According to a recent study published online in the journal The Lancet Oncology, researchers have found that nivolumab led to a greater proportion of patients with advanced melanoma who progressed after anti-CTLA-4 treatment achieving an objective response and with fewer adverse events compared with investigator’s choice of chemotherapy (ICC)

For the study, researchers sought to compare nivolumab, a fully human IgG4 PD-1 immune checkpoint antibody approved by the U.S. Food and Drug Administration (FDA) for the treatment of melanoma and non-squamous cell lung cancer (NSCLC), to chemotherapy in patients with metastatic melanoma who have progressed after ipilimumab and/or a BRAF inhibitor.

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Researchers randomly assigned 272 patients to nivolumab 3mg/kg every 2 weeks and 133 patients to ICC (dacarbazine 1000mg/m2 every 3 weeks or paclitaxel 175mg/m2 plus carboplatin AUC 6 every 3 weeks).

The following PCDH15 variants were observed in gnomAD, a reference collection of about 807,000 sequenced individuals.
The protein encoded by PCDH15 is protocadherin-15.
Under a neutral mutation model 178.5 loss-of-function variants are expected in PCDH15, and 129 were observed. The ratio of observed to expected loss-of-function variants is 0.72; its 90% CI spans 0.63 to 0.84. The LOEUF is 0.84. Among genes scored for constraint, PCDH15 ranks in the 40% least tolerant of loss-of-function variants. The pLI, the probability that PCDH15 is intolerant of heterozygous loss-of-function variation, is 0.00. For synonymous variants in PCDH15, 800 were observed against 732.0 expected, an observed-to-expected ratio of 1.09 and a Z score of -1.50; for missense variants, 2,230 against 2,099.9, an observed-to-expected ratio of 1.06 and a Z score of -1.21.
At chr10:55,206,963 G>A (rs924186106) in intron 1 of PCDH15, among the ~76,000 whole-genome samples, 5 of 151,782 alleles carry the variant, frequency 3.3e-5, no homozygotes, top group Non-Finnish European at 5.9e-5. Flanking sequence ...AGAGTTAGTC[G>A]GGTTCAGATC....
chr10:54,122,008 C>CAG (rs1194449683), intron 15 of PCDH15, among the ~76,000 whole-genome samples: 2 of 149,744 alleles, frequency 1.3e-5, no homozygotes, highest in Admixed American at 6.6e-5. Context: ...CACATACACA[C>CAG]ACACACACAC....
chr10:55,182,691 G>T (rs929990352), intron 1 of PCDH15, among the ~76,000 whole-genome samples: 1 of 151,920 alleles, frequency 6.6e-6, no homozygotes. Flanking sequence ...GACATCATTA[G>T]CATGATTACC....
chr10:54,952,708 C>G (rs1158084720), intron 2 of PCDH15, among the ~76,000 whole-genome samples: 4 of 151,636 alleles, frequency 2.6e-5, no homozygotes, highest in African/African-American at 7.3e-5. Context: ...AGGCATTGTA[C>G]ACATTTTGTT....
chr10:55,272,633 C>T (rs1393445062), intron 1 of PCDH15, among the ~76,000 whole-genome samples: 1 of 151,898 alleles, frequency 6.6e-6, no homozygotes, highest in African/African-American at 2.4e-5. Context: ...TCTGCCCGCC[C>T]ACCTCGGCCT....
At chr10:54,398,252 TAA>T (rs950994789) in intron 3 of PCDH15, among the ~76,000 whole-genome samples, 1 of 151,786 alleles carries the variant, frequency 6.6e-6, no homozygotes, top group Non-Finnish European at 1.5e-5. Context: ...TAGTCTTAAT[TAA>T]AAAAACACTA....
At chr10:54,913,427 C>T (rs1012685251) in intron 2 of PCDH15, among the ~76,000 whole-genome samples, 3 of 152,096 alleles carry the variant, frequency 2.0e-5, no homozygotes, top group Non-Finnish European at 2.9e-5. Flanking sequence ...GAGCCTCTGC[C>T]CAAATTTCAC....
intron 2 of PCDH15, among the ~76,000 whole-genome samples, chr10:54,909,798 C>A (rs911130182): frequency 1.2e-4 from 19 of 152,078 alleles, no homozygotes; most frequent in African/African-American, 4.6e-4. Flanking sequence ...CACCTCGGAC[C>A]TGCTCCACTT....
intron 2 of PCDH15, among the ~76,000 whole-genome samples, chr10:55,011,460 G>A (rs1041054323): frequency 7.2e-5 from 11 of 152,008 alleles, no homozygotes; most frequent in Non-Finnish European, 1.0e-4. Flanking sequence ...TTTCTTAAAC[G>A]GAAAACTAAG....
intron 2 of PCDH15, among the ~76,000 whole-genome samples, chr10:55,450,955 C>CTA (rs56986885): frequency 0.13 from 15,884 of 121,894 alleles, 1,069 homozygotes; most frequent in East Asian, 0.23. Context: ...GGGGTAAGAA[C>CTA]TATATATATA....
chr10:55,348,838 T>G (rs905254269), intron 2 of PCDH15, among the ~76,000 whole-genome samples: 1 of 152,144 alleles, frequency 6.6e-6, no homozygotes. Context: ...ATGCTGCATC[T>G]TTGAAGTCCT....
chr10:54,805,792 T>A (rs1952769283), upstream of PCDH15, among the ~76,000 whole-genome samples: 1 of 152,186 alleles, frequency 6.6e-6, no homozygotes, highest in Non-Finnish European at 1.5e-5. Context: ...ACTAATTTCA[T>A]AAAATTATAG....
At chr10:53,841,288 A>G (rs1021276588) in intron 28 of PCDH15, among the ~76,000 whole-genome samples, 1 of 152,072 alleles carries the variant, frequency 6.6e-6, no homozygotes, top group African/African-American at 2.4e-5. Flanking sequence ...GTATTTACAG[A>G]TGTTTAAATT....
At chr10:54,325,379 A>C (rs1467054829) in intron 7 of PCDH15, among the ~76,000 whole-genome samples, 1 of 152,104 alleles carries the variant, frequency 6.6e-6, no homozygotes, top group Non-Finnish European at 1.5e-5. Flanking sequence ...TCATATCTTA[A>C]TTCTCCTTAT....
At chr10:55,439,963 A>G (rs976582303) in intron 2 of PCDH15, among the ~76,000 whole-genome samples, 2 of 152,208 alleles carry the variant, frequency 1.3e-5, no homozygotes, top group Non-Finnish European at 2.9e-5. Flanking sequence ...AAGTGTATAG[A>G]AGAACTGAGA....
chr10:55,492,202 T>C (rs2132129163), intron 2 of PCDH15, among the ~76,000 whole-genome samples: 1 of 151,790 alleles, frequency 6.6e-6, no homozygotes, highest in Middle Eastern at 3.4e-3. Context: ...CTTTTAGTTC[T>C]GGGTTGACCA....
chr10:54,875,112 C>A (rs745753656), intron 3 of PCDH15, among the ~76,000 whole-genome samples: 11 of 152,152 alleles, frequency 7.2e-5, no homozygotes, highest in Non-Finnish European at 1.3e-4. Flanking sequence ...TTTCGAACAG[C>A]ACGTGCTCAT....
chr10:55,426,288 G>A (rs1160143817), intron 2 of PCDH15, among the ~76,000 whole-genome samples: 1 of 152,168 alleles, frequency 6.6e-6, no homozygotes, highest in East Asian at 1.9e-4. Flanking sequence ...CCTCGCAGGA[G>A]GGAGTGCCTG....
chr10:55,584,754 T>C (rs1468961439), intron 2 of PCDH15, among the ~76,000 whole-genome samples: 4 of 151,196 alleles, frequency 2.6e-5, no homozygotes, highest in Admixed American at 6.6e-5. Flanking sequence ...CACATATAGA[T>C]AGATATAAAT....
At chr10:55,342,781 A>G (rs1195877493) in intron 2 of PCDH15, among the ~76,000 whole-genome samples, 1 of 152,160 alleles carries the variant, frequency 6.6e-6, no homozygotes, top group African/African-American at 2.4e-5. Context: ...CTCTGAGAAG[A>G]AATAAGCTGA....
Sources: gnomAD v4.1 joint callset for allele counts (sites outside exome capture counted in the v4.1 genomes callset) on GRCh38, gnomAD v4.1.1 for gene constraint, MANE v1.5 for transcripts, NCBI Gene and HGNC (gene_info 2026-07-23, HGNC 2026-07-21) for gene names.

Results showed that 31.7% (95% CI: 23.5 – 40.8) of the first 120 patients treated with nivolumab achieved a confirmed objective response compared with 10.6% of 47 patients in the ICC group.

In regard to toxicity, the most common grade 3-4 adverse events associated with nivolumab treatment were lipase elevation, alanine aminotransferase elevation, anemia, and fatigue. In the ICC group, the most common were neutropenia, thrombocytopenia, and anemia.


  1. Weber JS, D’Angelo SP, Minor D, et al. Nivolumab versus chemotherapy in patients with advanced melanoma who progressed after anti-CTLA-4 treatment (CheckMate 037): a randomised, controlled, open-label, phase 3 trial. Lancet Oncol. 2015. [Epub ahead of print]. doi: 10.1016/S1470-2045(15)70076-8.